We rely on satellites every day for navigation, communication, weather data, TV, radio and internet. In the last few years, there has been an exponential growth in the number of satellites launched from earth for exploration, commercial and defense purposes. Typical satellites can be the size and weight of a large automobile (Fig. 1). They are launched to space on rockets and placed in orbit anywhere from a few hundred to many thousands of miles above Earth. Some large satellites also travel to other planets, asteroids and even beyond our solar system. Access to space can cost tens or hundreds of thousands of dollars per pound.
Small satellites are changing the nature of spacecraft and space-based science. The recent miniaturization of electronics and sensors means small satellites can now be developed at a lower cost and on a more rapid development cycle than traditional satellites. Nanosatellites (1–10 kg) in particular have caught the attention of scientific and commercial entities for a wide range of tasks from imagery to weather to ship tracking.
Since their introduction a decade ago, “CubeSats” have come to be the dominant nanosatellite design. A single CubeSat unit (U) is a cube with 10 cm sides (Fig. 2). Most CubeSats consist of Us (1U, 3U, 6U, etc.) Because of the adoption of this standard, construction costs have been reduced, standardized hardware can be manufactured, and flight heritage can be established across the many programs that use CubeSats.
As a result, where traditional satellites are prohibitively expensive to build and launch, CubeSat programs support emerging industries, universities, countries without large space programs, as well agencies such as NASA and The European Space Agency.
THE NEED FOR PRIMARY PROPULSION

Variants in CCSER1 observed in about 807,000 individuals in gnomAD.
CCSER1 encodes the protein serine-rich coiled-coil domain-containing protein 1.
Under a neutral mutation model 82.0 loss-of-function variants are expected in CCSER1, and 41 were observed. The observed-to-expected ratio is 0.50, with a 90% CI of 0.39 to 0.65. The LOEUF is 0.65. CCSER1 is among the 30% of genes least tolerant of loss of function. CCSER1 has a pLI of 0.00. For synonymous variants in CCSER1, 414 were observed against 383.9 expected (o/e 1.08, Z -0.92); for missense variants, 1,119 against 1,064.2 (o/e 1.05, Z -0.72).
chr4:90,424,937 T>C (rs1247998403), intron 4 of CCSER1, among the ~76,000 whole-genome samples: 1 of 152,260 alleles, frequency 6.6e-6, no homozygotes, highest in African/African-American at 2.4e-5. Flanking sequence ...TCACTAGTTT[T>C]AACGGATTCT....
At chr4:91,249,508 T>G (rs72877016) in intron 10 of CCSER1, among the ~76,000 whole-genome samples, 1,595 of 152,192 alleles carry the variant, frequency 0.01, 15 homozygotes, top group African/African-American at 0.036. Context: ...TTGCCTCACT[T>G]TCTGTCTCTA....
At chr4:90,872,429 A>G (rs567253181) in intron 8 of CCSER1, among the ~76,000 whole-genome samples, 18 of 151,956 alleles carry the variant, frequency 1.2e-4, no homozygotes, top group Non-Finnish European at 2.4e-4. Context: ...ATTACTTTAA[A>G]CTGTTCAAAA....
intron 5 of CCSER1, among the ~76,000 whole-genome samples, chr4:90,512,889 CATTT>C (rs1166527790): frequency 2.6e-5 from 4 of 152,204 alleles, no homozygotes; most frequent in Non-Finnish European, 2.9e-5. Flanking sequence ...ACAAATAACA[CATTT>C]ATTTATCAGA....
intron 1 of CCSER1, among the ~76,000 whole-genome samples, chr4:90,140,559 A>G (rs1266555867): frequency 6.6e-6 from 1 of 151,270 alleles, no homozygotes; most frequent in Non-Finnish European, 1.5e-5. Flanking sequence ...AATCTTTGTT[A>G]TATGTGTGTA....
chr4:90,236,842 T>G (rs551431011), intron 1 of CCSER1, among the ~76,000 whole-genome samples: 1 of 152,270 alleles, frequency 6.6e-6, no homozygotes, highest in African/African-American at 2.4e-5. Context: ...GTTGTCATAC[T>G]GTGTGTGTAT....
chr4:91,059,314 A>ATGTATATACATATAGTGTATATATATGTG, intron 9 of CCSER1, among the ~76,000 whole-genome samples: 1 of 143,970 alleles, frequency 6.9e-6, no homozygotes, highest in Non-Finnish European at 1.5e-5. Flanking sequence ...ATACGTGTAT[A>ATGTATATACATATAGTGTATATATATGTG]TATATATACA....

While 100% of large satellites use some form of propulsion, current smallsat propulsion is less advanced because of the difficulties in miniaturizing conventional thruster designs. Chemical propulsion requires far more propellant mass than can be stored in such a small craft while conventional electric propulsion devices such as Hall thrusters and ion engines lose effectiveness when scaled down. This technological gap requires a new sort of electric propulsion device designed to be small, low mass, and low power.
Phase Four’s RF Thruster (RFT) is designed specifically to fulfill these requirements.
WHAT IS PLASMA?
THE FOURTH PHASE OF MATTER
We interact with three states of matter every day: solids, liquids, and gases. But there is a fourth state of matter–plasma–that is created by ionizing gas molecules and forming a mixture of ions and electrons. Plasma has all of the properties of a gas (expanding to fill its container, compressing under a force) but can also be manipulated with electric and magnetic fields. Many plasma applications use electric and magnetic fields to move the ions and electrons around to do something useful like creating light in a plasma TV, etching silicon for a computer chip, or in our case, creating a plasma jet for satellite propulsion.
Plasma propulsion has been used on satellites for over 50 years. All chemical rockets operate on the same principles and therefore look very similar; plasma propulsion devices have a tremendous variety of designs. Today’s most commonly used plasma devices on new satellites are ion engines and Hall thrusters. Both produce a stream of ions to generate thrust but ion engines do this with a pair of closely spaced, electrically biased grids while Hall thrusters rely on trapping electrons in an annular channel. The use of plasma propulsion for conventional satellites has exploded in recent years, most notably with the 2015 launch of the first entirely plasma propelled satellites, a testament to the industry’s faith in this technology.
MOVING FORWARD: BEYOND HALL THRUSTERS AND ION ENGINES
The P4 RFT is an entirely different sort of plasma propulsion device. It uses magnetic fields to shape and direct the plasma, through a compact and scalable design. Crucially, no metal parts are exposed to the plasma, eliminating components which are Hall thrusters’ and ion engines’ main failure points. A lack of electrodes also allows for a wide range of propellants to be used with the P4 RFT, especially next generation propellants such as iodine and water.